Many scientific, engineering and commercial applications call for operations with real numbers. In many cases, a fixed-point numerical representation can be used. Nevertheless, this approach is not always feasible since the range that may be required is not always attainable with this method. Instead, floating-point numbers have proven to be an effective approach as they have the advantage of a dynamic range, but are more difficult to implement, less precise for the same number of digits, and include round-off errors.
The floating-point numerical representation is similar to scientific notation differing in that the radix point location is fixed usually to the right of the leftmost (most significant) digit. The location of the represented number’s radix point, however, is indicated by an exponent field. Since it can be assigned to be anywhere within the given number of bits, numbers with a “floating” radix point have a wide dynamic range of magnitudes that can be handled while maintaining a suitable precision.
The IEEE standardized the floating-point numerical representation for computers in 1985 with the IEEE-754 standard . This specific encoding of the bits is provided and the behavior of arithmetic operations is precisely defined. This IEEE format minimizes calculation anomalies, while permitting different implementation possibilities. Since the 1950’s binary arithmetic has become predominantly used in computer operations given its simplicity for implementation in electronic circuits. Consequently, the heavy utilization of binary floating-point numbers mandates the IEEE binary floating-point standard to be required for all existing computer architectures, since it simplifies the implementation. More importantly, it allows architectures to efficiently communicate with one another, since numbers adhere to the same IEEE standard.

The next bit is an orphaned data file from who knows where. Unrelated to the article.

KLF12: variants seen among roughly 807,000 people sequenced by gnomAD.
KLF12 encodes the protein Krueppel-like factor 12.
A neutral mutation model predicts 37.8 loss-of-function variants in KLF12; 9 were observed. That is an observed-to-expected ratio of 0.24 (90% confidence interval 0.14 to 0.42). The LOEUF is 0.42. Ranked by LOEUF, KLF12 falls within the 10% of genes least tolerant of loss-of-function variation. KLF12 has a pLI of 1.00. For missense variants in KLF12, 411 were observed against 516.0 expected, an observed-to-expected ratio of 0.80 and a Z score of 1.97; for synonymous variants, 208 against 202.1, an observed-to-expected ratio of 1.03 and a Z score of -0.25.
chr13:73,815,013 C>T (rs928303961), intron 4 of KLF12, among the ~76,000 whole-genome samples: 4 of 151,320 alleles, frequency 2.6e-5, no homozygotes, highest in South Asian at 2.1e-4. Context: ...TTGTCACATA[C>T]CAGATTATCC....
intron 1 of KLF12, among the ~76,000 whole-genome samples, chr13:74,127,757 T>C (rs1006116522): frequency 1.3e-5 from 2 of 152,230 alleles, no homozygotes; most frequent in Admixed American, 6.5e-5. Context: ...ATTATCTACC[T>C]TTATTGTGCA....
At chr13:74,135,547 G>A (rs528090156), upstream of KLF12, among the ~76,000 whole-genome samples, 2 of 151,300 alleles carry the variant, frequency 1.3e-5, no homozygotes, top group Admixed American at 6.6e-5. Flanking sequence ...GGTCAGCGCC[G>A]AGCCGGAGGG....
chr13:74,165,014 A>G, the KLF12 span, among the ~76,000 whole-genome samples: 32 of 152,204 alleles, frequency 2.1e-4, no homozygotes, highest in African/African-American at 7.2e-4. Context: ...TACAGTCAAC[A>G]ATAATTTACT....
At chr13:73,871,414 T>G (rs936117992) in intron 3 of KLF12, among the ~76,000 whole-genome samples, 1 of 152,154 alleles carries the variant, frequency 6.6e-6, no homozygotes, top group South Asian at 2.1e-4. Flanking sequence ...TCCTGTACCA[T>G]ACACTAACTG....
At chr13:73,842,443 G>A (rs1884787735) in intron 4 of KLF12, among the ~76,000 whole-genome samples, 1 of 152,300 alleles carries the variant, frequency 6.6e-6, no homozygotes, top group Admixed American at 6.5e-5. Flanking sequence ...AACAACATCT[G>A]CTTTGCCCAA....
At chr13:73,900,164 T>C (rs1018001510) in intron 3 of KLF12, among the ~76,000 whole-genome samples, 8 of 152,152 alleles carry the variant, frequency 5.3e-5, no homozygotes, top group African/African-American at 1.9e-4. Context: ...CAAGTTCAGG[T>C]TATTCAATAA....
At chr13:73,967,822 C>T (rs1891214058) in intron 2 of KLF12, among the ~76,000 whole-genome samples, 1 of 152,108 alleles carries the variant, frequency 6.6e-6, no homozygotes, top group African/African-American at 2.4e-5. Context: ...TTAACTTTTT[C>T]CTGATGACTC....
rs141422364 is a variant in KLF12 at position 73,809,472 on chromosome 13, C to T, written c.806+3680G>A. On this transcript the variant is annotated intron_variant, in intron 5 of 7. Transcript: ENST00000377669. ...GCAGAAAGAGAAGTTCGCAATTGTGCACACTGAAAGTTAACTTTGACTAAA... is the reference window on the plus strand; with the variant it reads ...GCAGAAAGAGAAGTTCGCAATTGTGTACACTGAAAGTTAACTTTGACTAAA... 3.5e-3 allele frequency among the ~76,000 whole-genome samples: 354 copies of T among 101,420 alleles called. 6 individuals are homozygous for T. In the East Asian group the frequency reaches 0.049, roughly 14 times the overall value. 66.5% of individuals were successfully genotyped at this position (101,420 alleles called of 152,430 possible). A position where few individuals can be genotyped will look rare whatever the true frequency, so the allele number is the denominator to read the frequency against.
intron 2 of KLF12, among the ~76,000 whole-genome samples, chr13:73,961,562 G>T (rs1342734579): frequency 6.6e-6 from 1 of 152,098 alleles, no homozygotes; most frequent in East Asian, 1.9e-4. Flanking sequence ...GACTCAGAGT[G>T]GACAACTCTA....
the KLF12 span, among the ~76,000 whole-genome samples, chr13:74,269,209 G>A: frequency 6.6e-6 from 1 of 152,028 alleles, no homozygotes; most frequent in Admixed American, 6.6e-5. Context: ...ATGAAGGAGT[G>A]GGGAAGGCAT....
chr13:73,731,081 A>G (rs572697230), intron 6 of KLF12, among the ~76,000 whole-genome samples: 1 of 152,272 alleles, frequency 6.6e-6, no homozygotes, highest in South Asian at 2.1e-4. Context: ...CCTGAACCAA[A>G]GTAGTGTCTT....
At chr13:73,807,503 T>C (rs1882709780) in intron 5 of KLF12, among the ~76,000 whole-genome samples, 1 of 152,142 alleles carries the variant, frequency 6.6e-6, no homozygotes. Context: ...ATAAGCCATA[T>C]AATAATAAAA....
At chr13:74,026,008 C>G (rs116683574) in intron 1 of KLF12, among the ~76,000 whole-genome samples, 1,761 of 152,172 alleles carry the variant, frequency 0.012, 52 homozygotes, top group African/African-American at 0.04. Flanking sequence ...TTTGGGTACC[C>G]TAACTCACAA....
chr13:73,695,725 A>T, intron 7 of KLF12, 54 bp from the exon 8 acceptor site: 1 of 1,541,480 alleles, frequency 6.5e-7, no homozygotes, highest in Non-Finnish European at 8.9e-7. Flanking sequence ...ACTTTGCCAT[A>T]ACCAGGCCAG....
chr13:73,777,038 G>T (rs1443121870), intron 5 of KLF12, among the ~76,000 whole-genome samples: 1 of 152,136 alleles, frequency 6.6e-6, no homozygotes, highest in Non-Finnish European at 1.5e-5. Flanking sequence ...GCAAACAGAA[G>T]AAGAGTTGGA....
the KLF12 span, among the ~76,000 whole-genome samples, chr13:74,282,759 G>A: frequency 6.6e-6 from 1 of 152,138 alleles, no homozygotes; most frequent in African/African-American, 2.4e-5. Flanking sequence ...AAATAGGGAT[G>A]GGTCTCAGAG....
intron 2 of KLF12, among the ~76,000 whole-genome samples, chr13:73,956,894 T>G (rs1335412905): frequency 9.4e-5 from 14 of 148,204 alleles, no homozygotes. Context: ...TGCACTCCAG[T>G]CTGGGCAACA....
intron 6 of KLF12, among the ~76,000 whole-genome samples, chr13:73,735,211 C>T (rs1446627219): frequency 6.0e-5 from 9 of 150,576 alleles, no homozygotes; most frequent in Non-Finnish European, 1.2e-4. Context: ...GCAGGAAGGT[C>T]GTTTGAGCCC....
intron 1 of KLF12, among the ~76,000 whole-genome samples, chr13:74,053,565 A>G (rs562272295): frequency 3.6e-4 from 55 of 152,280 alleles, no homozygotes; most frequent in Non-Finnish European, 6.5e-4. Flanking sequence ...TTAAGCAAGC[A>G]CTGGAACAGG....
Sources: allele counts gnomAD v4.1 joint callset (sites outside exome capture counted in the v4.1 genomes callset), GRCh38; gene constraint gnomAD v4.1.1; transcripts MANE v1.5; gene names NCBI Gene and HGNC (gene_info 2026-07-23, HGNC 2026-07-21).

Although binary encoding in computer systems is revalent, decimal arithmetic is becoming increasingly important and indispensable as binary arithmetic can not always satisfy the necessities of many current applications in terms of robustness and precision. Unfortunately, many architectures still resort to software routines to emulate operations on decimal numbers or, worse yet, rely on binary arithmetic and then convert to the necessary precision. When this happens, many software routines and binary approximations could potentially leave off crucial bits to represent the value necessary and potentially cause severe harm to many applications.
Author: Ivan Dario Castellanos
Source: Oklahoma State University